I’m a big fan of Idera’s SQL Diagnostic Manager.  This tool makes it easy to see trouble areas within my SQL Server instances.  The only down side is that I’m not using the DMO statements on a daily basis.  With DMOs you’re able to pull a specific plan from the plan cache.  This is useful when you’re developing queries and need to view a plan that may have been saved from a previous execution of your query.  To interact with some DMOs, you need to use the APPLY operator because the DMOs are table-valued functions.  I’ve known about APPLY but have not had the need to use it in my daily work.


Grant did a great job introducing the query engine and how a plan is ultimately built and saved for later use.  Having a strong understanding of how the execution plan is built will help me write better queries.  Grant didn’t throw too much material at me during the first chapter.  This allowed me to comprehend the material better without feeling overwhelmed.


I didn’t find anything in this chapter that came across as a dislike and I’m guessing this trend will continue for the remainder of the book.

I’m looking forward the chapter 2 next week and the rest of the book.  My goal is to be able to read execution plans better than seeing how thick the lines are between operators.

Work Stoppage Events (Meetings)

As the calendar reminder comes up with the dreaded 15 minute warning for another work stoppage event, it occurred to me how import it is to prepare for meetings to make them as productive as possible.  I like to use Evernote to document all meetings and projects.  Each morning I take a look at the scheduled meetings and start a new note for each of them by creating three sections:

  1. Items to Discuss
  2. Notes
  3. To Do

Based on the meeting, I go through my master to do list and create bullets under ‘Items to Discuss’ to update the status of each item.  I also comb through my inbox and add any issues that might be relevant to the meeting.  It is important to spend time updating this section of meeting preparation, this can ultimately serve as a personal agenda so you can get all you points across to the rest of the attendees.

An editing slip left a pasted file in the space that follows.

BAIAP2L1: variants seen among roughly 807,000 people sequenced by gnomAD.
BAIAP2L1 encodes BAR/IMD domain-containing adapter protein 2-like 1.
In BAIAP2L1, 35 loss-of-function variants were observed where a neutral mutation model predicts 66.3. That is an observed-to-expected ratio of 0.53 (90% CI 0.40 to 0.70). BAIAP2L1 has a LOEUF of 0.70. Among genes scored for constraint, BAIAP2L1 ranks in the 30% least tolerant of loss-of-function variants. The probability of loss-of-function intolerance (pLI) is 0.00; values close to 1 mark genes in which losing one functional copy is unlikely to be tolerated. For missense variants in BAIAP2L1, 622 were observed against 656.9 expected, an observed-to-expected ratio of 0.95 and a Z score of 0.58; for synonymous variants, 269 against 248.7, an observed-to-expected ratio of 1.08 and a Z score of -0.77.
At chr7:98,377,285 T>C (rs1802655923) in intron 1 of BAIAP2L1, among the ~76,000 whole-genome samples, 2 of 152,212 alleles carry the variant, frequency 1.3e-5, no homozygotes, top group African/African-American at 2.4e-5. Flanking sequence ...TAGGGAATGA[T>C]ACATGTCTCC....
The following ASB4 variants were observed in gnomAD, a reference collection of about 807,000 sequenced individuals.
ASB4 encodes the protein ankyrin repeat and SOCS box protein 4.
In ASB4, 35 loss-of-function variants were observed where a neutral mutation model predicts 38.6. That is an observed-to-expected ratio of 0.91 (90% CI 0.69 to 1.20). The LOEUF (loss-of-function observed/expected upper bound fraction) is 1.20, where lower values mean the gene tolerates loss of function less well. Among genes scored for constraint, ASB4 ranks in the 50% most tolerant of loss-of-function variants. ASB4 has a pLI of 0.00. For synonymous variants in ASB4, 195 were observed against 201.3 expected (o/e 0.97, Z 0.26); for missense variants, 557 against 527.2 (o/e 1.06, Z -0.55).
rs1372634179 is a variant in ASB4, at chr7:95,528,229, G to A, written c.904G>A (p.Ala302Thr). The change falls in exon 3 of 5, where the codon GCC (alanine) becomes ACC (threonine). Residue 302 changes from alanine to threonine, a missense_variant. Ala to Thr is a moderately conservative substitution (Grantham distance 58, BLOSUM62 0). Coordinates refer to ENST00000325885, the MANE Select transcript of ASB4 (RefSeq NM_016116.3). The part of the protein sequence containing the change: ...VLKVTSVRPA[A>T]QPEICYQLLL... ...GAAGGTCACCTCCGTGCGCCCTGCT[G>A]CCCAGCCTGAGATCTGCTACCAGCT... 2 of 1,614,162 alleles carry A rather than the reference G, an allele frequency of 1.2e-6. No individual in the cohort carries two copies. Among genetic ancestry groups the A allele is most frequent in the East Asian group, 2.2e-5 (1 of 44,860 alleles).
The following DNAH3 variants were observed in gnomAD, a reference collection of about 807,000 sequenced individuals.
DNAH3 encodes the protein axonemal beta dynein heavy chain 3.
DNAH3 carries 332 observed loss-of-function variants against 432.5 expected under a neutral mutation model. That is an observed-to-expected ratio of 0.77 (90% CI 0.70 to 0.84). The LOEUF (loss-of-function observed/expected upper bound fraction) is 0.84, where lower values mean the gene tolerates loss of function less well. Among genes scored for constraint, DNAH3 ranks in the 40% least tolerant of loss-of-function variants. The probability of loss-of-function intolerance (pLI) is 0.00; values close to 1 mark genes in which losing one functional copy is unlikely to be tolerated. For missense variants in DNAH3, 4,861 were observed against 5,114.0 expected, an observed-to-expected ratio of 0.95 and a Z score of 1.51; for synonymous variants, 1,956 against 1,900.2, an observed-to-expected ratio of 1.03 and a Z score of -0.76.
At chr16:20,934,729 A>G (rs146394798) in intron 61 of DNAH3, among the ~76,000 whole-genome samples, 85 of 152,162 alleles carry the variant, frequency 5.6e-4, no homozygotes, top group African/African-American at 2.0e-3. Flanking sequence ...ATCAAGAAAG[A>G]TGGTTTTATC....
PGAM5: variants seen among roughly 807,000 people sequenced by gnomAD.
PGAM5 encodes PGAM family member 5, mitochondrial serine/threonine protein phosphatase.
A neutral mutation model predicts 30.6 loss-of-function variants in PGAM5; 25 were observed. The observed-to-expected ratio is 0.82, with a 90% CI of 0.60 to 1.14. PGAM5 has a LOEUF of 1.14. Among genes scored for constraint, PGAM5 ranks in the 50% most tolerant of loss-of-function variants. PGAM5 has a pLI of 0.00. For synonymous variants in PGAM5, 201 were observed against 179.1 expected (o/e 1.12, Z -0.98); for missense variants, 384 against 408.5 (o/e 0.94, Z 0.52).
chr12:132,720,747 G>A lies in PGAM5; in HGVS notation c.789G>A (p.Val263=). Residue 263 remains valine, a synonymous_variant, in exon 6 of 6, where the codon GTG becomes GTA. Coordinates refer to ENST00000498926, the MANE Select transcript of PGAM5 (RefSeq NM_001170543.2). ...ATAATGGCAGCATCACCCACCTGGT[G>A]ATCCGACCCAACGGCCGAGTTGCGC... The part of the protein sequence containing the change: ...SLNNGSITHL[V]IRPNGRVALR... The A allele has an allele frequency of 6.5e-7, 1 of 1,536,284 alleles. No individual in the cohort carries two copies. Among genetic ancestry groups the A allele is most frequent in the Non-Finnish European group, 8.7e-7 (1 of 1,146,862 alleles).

During the meeting I use the ‘Notes’ section to record items that pertain to my responsibilities and if actionable, they are recorded under the ‘To Do’ section.  Once I have time to review my notes from the meeting, I’ll create new tasks in my master to do list from the ‘To Do’ section and give each item a priority based on the other tasks.  I like to follow Brian Tracy’s (b|t) approach to prioritizing tasks based on his book Eat That Frog.

Frogs taste like chicken!

This is a great book that talks to procrastination and how to prioritize your biggest tasks (frogs) first instead of the smaller and easier tasks.  By using his system, I’m able to knock out my big frogs and feel the weight being lifted off my shoulders.   Before using his system, I would go through the day completing lots of smaller tasks, feeling great, but always knowing that the ‘big frog’ was always going to be sitting on my desk staring at me.

On a weekly basis I sit down with my manager for a one on one status meeting to talk through my priorities.  I would suggest this for everyone to make sure your priorities line up with what is expected of you.  Before each status meeting I’ll prepare the same way as any other meeting by creating a meeting template with in Evernote.  For my one on one meetings, I like to review completed tasks for the week and set priorities for the upcoming week.  Going over completed tasks is a great way to start the meeting off.  It will give your manager an update of items you’ve accomplished for the week and set the tone for the upcoming week.  Starting off on a good note leads to much more productive meeting in my opinion.

While I’m not in meetings and keeping my instances of SQL Server running their best, I like to use Thomas A. Limoncelli’s (b|t) recommendations in his book Time Management for System Administrators.  This is a great book for those just getting started or the seasoned veterans looking for ways to maximize their day.  One of his points in the book is to how to handle interruptions.  Interruptions can be handled in three ways:

  1. Delegate It
  2. Record It
  3. Do it

Everyone dreads that simple question, “You got a minute?”, that rarely lasts under a minute.  You get two or more of these questions a day, and you can throw a wrench into any plans you had for completing your priority tasks.  When someone asks you for help, they just want to be acknowledged.  This is where Tom’s process helps, first you acknowledge the question, then determine where it lies with your other priorities.

Monkeys don’t make good co-workers

If you have the opportunity to delegate it, this is always your best option, get the monkey off your back! If it needs your attention and can wait, record it as a tasks, give the person asking the question an estimate to complete and go back to doing your higher priority items.  The last option, and the most damaging, is doing the task at that instance.  This is the best outcome for the person asking the question because they receive instant gratification, but requires you to break your concentration on your current task and shift your focus to something new.  Don’t forget to record this as a completed item in your master to do list.  These ‘little’ interruptions can push other tasks out, so make sure your manager is updated on interruptions during your one on one.

I hope these tips and two book recommendations help you prioritize your day and take control of interruptions!